Wednesday, November 11, 2009

This Week: Great Sand Dunes National Park and Preserve (Part 2 of 2)

A World Away

Medano Pass Primitive Road had 25 campsites from bottom to top. We chose site 2.1. It was downhill from the pass road, surrounded by trees and Medano Creek flowed behind it, about as picture perfect a campsite in the Colorado Mountains as you could get. It was hard to believe that just two miles down the mountain were the largest sand dunes in North America with desert climate to match. As we breathed the cool mountain air and washed our dishes in the ice cold creek, we felt like we were in another world.

Before picking this particular spot, we had stopped at Site 1.8 just before this one, however, it was above the road and the trees opened up on one side to the strong winds that batter the Sangre de Cristo Mountains. We also could have gone higher up the pass, but the higher you went, the colder it got, even in August. There could easily have been a 10-15 degree difference between this campsite and the ones nearer the top (above 9,000 ft). The campsite had three areas, the tent area, the fire pit and the bear box, each with several feet in between. The bear box was an essential part of the campsite as black bears were alive and well in Colorado and it was large enough to fit our cooler and two food bags. After pitching the tent, my husband, Jasmine the world’s greatest dog, and I all waded in Medano Creek. The creek wasn’t deep enough for Jasmine to swim, but was still running wide and swift for August. With Colorado in a drought the last decade, most creeks are just a dribble this time of year, but a decent snowpack last winter and plenty of June rains had things flowing nicely.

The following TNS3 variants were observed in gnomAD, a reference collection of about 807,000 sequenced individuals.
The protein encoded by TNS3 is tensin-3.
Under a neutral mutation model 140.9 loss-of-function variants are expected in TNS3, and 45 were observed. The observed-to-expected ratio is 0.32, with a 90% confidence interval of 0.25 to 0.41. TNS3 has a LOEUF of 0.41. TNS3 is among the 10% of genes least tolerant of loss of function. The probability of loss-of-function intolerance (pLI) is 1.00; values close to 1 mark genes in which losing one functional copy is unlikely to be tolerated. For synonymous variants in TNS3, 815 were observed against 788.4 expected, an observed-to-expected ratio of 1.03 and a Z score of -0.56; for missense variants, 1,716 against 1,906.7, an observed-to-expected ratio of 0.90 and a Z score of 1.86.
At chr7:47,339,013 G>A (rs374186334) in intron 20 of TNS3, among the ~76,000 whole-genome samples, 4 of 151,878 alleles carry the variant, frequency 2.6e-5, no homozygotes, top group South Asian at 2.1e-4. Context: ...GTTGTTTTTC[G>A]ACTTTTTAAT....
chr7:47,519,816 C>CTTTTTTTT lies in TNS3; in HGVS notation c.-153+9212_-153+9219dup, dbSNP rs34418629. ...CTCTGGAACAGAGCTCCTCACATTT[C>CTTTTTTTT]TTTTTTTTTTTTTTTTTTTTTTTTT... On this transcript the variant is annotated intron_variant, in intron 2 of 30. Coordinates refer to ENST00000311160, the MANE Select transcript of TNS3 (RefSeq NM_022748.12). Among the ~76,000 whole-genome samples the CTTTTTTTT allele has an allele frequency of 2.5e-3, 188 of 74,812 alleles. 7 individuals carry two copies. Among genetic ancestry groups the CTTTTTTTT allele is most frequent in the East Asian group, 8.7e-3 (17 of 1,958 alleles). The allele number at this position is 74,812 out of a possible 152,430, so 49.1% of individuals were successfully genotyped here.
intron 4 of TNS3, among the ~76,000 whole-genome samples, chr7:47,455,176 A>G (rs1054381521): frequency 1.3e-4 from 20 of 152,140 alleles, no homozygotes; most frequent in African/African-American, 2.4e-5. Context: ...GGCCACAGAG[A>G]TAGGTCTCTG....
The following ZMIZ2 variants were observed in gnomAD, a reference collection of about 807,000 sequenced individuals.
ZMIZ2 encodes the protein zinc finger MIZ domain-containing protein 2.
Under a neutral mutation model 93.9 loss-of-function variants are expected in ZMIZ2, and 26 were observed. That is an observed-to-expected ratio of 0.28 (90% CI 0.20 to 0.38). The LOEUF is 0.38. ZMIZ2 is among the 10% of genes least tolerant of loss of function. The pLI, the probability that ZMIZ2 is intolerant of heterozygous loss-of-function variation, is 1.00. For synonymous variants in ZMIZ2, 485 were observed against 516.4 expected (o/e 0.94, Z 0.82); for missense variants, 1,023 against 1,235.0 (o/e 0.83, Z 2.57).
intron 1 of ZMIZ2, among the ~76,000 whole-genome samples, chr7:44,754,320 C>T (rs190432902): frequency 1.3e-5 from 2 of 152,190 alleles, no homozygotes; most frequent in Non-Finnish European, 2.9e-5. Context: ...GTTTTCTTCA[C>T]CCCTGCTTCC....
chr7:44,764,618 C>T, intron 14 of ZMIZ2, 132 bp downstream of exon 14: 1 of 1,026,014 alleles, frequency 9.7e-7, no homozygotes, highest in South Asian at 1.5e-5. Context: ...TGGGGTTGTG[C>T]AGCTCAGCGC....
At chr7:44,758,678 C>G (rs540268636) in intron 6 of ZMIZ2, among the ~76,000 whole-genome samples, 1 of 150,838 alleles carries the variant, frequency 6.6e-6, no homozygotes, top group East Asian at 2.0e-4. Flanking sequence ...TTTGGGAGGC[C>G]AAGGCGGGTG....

The only problem with the campsite was that we were not allowed to drive the Jeep down to it. A log blocked the path down to the site. We assumed this was to protect the area from tire damage, which was understandable, but it was still an inconvenience to haul all our stuff (such as our very heavy cooler) over the log and down the hill. This also meant that I would be unable to hear the Jimmy Buffet concert that would be played on Sirius Saturday night, unless I walked up the hill and sat in the Jeep. I was looking forward to hearing the show while roasting marshmallows by the campfire and gazing at the stars while the band played Southern Cross. Bummer.